Friday, March 22, 2013

A beautifully illustrated Japanese-to-English primer from 1887

These charming vignettes come from a Japanese woodcut by Kamekichi Tsunajima titled “Ryūkō eigo zukushi” or “A Fashionable Melange of English Words.” Created in 1887, it shows an activity or object for each word (with the occasional misspelling). The entire piece is shown at the end in high resolution in case you'd like to download and peruse it. The original artwork lives in the Library of Congress.
I love the insouciant cat! And of course the person writing. Which ones strike your fancy?

6 comments:

  1. Which ones strike your fancy?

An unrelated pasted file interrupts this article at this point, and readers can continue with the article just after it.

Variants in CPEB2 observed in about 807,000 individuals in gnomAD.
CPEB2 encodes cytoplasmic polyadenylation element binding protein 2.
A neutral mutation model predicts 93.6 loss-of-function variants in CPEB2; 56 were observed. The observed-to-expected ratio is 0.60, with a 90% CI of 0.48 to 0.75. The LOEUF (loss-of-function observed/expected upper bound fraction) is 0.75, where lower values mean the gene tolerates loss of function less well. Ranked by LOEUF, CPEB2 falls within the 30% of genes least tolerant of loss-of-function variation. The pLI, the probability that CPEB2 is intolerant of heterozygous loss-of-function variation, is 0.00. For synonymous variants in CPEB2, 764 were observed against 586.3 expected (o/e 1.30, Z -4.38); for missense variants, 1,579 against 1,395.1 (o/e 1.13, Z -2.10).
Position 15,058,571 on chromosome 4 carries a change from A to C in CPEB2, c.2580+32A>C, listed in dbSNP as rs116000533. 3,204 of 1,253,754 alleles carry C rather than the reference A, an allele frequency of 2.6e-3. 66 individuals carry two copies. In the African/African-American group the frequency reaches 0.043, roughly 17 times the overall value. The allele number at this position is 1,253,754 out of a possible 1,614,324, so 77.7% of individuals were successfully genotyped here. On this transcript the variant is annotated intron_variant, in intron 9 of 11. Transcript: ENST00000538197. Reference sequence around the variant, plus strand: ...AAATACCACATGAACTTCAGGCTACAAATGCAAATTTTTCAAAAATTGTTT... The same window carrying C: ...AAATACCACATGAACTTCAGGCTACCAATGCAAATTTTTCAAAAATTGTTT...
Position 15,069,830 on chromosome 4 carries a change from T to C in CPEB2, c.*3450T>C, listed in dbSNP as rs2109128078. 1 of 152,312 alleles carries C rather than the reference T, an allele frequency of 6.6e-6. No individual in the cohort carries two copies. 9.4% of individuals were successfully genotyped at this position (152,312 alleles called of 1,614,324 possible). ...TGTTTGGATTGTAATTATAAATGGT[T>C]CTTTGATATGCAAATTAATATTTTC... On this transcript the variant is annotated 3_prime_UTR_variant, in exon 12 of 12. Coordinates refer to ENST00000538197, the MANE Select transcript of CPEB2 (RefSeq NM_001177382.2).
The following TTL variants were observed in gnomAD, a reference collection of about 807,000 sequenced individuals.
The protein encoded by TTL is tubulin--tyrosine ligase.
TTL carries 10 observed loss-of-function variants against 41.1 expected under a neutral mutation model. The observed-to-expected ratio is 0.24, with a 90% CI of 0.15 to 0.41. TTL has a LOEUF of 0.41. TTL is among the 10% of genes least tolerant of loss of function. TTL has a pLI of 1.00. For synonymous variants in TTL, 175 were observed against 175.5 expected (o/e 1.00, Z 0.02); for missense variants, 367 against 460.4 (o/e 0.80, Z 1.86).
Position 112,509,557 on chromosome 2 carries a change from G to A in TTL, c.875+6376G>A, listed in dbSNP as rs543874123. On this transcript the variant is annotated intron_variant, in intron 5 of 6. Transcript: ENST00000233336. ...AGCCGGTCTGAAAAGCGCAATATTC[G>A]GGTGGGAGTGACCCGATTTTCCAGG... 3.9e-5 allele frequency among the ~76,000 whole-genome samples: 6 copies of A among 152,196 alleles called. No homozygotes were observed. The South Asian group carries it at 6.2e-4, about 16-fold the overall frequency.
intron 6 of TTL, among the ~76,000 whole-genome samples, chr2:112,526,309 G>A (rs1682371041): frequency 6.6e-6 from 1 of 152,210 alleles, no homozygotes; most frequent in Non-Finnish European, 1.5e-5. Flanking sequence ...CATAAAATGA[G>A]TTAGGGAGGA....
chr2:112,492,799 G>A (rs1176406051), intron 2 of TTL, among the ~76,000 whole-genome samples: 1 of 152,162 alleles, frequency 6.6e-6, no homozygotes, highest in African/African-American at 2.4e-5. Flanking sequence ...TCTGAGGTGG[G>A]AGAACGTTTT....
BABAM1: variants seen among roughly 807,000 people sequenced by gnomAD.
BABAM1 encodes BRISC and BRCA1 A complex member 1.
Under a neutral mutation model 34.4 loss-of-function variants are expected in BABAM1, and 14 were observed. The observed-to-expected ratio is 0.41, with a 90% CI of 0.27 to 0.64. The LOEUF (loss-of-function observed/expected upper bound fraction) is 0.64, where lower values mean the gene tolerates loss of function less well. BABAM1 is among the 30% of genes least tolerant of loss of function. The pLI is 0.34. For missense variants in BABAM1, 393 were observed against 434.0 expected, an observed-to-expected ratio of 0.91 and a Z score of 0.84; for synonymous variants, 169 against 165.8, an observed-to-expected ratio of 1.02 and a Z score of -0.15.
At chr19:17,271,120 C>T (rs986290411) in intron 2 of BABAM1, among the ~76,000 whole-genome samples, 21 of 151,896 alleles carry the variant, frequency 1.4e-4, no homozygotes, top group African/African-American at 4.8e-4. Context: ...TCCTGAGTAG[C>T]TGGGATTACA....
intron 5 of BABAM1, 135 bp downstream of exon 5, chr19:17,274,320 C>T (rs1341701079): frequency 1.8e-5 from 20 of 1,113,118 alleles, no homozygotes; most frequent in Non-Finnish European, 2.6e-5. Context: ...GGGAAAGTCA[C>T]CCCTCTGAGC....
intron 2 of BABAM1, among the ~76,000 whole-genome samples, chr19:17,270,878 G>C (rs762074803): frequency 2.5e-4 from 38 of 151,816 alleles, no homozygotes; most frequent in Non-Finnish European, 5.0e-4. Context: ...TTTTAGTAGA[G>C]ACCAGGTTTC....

Give me a 'blank book' to fill up anytime.

    p.s. Interesting juxtapositions in the order the images are presented – you could make an intriguing children's book out of the 'swimming shoes,' 'writing wolf,' 'cricket song,' 'box rat,' 'fishing horse,' 'pig commandant,' 'monkey school,' 'snake bath,' 'crab dog,' and so on.

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  2. In keeping with Maryland pride, I have to say I am quite a fan of the crab.

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  3. I know enough Chinese to recognize the larger ideographs are Chinese, not Japanese. So this artwork is a trilingual glossary. The small script above the English is likely a pronunciation aid.

    The blue horse is a character of Chinese myth. (My theory is the blue is reflected skylight.)

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